Common Lumps and Bumps on Dogs. The question most owners have when they find a new lump or bump on their dog is, "Is it a tumor?". The truth of the matter is that no one can tell you with 100 percent certainty what a mass is by simply looking at it. Your veterinarian may be able to make an educated guess with just an exam, but without taking a. Dog breast cancer is common among middle-aged, unspayed dogs, but can also be acquired by males or spayed females. However, risk is dramatically reduced for females spayed before the age of 2. Symptoms of Breast Cancer. Breast cancer usually appears as a lump or multiple swellings in the mammary glands, located along your dog's stomach, each with its own nipple.
When a male dog is affected by a tumor of the breast, the prognosis is much more guarded and grave. A genetic basis is possible in some breeds, and there are frequently some genes that can be identified in dogs that are predisposed to cancer of the mammary glands. I have an otherwise healthy labrador of 14 1/2 who has several lumps that her regular vet is unwilling to aspirate and against treating dogs for cancer entirely! I hope that they are fatty lumps as suggested but my dog keeps drawing my attention to the largest lump and has been known to indicate breast cancer in at least one human.Author: Susan Ettinger, DVM, Dip. ACVIM (Oncology).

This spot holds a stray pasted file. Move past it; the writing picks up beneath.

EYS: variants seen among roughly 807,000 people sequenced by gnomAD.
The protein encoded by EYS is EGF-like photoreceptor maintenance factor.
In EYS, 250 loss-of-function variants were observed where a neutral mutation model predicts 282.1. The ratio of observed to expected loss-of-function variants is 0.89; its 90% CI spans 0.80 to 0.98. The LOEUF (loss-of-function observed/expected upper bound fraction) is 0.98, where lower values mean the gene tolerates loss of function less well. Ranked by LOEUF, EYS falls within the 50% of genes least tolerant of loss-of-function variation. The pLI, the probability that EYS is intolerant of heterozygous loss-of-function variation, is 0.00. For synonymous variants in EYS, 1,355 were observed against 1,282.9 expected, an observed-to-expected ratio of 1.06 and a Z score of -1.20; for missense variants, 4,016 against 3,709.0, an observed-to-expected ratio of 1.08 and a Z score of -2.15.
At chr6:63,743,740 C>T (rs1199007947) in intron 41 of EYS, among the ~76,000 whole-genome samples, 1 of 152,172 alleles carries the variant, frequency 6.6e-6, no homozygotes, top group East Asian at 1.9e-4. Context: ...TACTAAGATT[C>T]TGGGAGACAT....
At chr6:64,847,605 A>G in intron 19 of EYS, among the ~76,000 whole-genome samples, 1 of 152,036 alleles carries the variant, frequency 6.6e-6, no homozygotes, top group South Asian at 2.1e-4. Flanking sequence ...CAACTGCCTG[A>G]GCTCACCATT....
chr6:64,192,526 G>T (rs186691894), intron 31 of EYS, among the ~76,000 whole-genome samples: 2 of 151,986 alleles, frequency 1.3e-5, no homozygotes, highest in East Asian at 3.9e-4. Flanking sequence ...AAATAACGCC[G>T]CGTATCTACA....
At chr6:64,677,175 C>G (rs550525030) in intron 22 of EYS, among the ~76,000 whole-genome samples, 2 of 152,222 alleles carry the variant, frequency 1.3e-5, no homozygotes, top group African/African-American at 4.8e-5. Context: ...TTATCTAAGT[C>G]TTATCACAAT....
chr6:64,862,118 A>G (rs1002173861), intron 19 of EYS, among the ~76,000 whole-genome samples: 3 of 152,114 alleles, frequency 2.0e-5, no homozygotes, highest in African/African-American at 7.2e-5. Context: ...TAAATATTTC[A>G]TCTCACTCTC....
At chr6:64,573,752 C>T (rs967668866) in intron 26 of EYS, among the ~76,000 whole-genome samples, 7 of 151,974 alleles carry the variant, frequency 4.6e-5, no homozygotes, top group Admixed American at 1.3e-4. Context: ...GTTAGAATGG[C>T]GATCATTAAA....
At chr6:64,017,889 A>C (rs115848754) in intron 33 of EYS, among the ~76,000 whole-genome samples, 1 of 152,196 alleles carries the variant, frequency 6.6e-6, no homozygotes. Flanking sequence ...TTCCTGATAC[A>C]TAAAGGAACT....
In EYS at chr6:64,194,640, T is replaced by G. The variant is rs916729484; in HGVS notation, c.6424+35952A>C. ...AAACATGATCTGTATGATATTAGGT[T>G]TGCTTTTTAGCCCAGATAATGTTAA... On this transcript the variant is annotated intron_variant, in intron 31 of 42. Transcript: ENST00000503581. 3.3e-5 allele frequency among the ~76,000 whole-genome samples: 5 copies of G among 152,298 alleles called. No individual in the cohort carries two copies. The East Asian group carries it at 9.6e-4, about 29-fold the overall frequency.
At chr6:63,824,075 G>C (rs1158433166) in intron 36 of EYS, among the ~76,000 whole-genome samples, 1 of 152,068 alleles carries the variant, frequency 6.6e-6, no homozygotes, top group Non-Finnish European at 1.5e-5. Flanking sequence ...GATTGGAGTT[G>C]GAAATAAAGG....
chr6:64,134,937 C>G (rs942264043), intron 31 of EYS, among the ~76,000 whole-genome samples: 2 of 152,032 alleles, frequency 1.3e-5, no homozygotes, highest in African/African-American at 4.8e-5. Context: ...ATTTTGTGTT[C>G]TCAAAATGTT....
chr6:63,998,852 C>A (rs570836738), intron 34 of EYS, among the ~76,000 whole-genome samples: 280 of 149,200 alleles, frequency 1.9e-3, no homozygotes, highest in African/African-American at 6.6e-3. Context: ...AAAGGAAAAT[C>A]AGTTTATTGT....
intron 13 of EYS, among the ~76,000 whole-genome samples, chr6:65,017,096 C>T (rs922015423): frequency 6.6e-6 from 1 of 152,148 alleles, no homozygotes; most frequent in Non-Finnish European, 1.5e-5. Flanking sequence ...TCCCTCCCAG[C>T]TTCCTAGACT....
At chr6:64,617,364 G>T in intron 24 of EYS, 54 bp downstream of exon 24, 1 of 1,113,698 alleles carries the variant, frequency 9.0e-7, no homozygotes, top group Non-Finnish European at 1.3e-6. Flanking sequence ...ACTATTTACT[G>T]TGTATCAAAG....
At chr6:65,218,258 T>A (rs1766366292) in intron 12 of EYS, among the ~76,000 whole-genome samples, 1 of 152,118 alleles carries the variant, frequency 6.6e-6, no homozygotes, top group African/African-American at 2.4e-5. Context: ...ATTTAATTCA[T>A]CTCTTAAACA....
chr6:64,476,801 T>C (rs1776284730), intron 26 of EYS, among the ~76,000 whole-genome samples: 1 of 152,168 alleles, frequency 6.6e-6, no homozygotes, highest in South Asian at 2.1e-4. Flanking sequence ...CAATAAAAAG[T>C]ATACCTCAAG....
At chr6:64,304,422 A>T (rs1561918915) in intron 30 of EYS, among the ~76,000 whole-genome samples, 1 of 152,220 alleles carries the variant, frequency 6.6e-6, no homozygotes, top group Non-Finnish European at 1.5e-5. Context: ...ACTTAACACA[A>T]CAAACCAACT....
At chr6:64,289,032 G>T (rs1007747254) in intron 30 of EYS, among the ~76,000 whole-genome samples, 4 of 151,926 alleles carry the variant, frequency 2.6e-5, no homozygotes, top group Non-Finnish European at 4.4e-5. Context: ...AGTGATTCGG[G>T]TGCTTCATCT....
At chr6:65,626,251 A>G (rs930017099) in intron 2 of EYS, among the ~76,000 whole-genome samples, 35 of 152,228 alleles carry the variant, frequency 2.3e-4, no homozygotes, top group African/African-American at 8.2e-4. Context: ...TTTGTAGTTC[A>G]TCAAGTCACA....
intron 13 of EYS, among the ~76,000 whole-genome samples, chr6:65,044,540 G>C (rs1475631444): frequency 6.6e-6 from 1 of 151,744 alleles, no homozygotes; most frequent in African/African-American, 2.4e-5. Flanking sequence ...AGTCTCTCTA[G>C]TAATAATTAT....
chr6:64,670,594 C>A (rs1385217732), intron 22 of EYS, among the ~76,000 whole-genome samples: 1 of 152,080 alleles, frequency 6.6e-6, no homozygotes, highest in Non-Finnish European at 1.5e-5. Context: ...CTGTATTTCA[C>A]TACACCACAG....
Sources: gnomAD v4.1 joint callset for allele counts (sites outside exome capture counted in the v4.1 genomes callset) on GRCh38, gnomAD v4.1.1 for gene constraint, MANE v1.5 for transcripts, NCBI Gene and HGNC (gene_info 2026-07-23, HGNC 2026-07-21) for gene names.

Not all lumps on dogs should be a cause for alarm, but pet owners should be alert and investigate any suspicious growth or mass they find. See your vet quickly if you are concerned about a lump. The two major categories which will most concern you are benign tumors and malignant tumors. Types of Lumps and Bumps. The more common lumps and bumps in dogs include: Fatty tumors happen most often in middle-aged or older dogs, especially around the ribs, although they can show up anywhere. They're considered a natural part of aging. Any breed can have them, but larger dogs and those who are overweight are more prone to them.
I am a 'human' cancer nurse and I recently had two cats that had lumps in their mammory glands. I can tell you from human and pet experience that this is probably cancer (breast cancer as we call it in human medicine). Many times, if caught relatively early, it can be removed and your poor dog could be back to normal and live a healthy life. The causes of cancer are not well understood in either humans or canines. The causes of breast cancer in dogs may have a hormonal component as spaying your female dog before their first heat nearly eliminates the possibility of developing mammary tumors. Genetics also play a factor as certain breeds seem to be predisposed to developing breast.